That’s the second main issue I have with dropshipping this way. The room for growth as a business, otherwise known as “scaling,” is extremely limited. The idea is once you start seeing a profit come in after finding a working product, you spend more on ads, drive more traffic, and there you go, more sales. But that isn’t scaling. Hack entrepreneurs and people who have no idea how businesses really work will call it scaling, but all you’re really doing is increasing your potential profit. When you scale, you actually have to expand the model of your business. For example, going from a dropshipping model to having your own product, with associated branding, market research, and bigger social media presence, that’s scaling. You’re expanding the scope or framework of the business. Just because you need to hire more employees or you add new products, doesn’t mean you are scaling. I don’t even necessarily think that’s a sign of “growth” in all cases. Plenty of businesses need to hire additional employees just to replace the skills of one veteran employee, or to offload extra busy work (which a lot of this online marketing grunt work tends to be).
People need to step up their game and think in terms of real business when getting into this stuff.
The other major issue that is a constant thorn in the side of dropshippers, is the crazy wait-times for shipping products from China to customers in the U.S. Some people who buy stuff from all over the world often don’t mind this kind of thing, but for the average shopper of Amazon, the typical 2 1/2 to 4 weeks it can take for AliExpress to fulfill an order is somewhere in between “this has to be a scam” and “nervous breakdown” for most people. Do people still buy from these niche sites despite the agonizing shipping times? Of course. But here’s the rub: the repeat buyers are few and far between.
This is the huge drawback of these Shopify stores and why the business model is not all that sustainable. Yes you can make money doing this, and if you are good, you can rake in a respectable income if you treat it like a full time job (note, the opposite of what you’re striving for as an entrepreneur…). But the money will almost certainly dry up unless you switch up your products and market aggressively, because repeat buyers to these sites are often few and far between. There are exceptions, such as shoppers in the Asian clothing niche (they expect long waits), but outside of that and a few others, this can have a serious impact on how your brand is viewed.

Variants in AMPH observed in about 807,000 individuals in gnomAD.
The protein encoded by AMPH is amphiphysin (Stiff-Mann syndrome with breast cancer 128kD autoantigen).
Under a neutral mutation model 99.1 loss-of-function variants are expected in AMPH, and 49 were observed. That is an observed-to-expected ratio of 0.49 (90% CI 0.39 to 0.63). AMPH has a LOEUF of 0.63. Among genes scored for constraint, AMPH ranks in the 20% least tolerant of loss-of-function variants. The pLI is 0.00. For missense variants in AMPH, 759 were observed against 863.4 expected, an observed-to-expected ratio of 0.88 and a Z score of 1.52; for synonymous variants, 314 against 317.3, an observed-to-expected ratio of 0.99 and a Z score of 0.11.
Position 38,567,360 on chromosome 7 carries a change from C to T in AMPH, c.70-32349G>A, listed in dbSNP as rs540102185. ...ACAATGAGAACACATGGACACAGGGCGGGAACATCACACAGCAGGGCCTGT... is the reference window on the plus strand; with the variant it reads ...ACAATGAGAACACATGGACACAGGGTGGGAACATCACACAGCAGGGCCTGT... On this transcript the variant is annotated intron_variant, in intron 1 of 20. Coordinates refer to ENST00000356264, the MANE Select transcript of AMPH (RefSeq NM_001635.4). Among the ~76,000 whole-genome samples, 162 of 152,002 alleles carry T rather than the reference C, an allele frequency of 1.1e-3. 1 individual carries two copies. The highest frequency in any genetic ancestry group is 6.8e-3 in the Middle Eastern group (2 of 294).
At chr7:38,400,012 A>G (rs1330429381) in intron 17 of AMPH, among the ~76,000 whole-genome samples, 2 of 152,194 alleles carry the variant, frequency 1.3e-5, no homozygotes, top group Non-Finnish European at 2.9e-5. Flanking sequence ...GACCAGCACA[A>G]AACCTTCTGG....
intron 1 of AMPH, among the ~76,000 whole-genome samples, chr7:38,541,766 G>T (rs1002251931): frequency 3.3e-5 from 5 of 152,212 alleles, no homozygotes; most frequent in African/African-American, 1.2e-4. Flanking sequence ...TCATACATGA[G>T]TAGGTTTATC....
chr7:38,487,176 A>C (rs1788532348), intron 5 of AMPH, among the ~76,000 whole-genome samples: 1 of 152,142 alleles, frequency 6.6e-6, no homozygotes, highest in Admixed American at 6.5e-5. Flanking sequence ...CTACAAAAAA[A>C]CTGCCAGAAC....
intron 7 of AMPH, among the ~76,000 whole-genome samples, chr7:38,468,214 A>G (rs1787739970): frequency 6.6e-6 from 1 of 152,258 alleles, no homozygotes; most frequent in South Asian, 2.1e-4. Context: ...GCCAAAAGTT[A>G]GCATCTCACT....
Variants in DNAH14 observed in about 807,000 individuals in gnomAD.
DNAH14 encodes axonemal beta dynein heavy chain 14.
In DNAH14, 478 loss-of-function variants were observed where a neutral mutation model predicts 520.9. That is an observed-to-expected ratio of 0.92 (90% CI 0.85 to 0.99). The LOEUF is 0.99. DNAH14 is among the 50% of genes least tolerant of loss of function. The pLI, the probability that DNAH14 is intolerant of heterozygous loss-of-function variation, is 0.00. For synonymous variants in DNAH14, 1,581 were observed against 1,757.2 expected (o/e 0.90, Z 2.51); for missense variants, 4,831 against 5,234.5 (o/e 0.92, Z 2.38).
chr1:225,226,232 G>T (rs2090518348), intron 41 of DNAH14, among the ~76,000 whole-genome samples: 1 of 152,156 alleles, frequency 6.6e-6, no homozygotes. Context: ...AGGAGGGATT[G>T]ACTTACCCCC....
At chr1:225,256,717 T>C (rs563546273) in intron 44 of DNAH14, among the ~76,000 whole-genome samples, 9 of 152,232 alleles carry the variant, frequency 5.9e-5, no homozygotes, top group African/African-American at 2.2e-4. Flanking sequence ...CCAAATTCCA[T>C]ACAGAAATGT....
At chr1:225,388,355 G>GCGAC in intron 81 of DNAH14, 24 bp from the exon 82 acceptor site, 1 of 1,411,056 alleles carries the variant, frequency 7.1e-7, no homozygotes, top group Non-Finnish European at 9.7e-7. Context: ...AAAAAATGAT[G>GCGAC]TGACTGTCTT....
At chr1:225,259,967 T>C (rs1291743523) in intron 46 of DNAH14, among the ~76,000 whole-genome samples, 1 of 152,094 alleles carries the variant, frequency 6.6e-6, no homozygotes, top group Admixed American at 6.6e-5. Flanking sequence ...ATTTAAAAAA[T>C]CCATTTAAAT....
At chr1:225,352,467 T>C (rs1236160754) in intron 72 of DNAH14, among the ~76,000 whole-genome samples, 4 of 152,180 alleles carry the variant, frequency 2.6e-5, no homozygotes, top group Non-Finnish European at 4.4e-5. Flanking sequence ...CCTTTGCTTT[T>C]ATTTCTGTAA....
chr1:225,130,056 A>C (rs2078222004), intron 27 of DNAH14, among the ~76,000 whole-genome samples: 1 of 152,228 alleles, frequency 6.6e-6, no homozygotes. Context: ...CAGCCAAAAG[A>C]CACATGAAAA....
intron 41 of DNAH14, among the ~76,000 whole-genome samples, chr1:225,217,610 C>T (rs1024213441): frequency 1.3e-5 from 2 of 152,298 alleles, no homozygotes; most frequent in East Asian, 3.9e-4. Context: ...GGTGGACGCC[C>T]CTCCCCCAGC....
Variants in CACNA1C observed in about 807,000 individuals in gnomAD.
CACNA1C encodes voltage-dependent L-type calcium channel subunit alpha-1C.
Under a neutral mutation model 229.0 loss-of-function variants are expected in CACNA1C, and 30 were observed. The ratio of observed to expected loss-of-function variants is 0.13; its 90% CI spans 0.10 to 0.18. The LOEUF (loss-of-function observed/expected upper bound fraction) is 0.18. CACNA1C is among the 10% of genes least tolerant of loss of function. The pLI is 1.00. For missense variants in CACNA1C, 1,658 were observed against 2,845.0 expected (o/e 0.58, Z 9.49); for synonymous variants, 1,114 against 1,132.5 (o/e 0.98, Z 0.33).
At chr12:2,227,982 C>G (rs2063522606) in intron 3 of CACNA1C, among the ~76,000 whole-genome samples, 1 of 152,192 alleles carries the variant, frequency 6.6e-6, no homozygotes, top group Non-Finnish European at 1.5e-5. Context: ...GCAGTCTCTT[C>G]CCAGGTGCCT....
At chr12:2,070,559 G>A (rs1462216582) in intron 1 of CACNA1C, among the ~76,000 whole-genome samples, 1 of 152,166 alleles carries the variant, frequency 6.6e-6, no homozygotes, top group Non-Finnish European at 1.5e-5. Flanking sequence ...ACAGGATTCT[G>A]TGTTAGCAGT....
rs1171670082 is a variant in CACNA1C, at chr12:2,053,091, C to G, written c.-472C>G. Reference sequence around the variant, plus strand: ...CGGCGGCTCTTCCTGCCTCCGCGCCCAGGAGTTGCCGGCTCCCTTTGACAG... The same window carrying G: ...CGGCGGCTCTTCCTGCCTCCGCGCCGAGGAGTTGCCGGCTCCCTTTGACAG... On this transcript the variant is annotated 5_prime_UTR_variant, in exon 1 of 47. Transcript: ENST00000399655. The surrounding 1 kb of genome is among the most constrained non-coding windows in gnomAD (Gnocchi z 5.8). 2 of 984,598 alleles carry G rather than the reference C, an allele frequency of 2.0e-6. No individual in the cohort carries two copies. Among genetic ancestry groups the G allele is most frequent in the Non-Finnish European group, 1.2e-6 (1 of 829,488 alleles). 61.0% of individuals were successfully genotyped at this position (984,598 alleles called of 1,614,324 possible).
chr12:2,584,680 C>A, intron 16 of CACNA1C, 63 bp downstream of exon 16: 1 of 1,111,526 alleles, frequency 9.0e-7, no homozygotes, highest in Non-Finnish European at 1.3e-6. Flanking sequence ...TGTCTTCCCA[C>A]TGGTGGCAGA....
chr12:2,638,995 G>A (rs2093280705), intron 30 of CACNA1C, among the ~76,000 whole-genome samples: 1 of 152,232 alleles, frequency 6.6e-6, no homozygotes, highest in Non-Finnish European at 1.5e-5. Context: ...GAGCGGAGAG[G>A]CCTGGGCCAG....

Sustainability in Online Business
If you’re going to take the time to create a “business,” you better think of the long-term. If someone can watch a Youtube video or take somebody’s “masterclass”, then two weeks later copy exactly what you’re doing, same niche and all, you don’t really even have a business. At that point you’re just mowing people’s lawns and shoveling snow. Great in a pinch, but is it a business? Hell no. Not even close.
The idea behind a business model should be sustainability: what is something no one else is really doing, and how can I build a system around it? Now, it doesn’t have to be something completely new. You’re going to be chasing a holy grail that will never come if you go down that road. But it has to be a fresh take on a tried and true product or service, and the model has to be able to be adapted to changes in the market, changes in your life, and the ebbs and flows of the Internet itself.
For example, what if some scandal rocked Shopify’s CEO, and they suffered such loses that they had to fold? What if an Internet law gets passed that says places like eBay and Shopify can’t sell products that aren’t being sold by their creators (no reselling, in other words)? There would be quite a few “business owners” suddenly staring at their computer screens in a stupor.
It goes beyond even this though. Let’s say that you are making a little profit off of your Shopify business and you catch the attention of another brand that wants to partner with you, or maybe a model or Instagram influencer wants to promote your product. Well…you begin to enter into heaps of legal ambiguity that I wouldn’t want to touch with a twenty foot pole. You essentially have to turn offers like this down. In fact, your brand becomes limited to only being a “supporter of other people’s products,” IE that of being a reseller. So if you want to expand into your own product, you may have to work on rebranding, or promoting the product under an entirely new label altogether, unless you want to run the risk of people assuming you are just hawking another person’s product again.
From a professional standpoint, you also lose out on investment opportunities and business deals. It is extremely hard to procure investment capital if you’re just reselling products. You need to have something to call your own. You need to be able to tell the Internet world: “this is my product and this is what I do.” Unless, of course, you’re not very interested in scaling.
See the conundrum?
Better Ways to Make Quick Money Online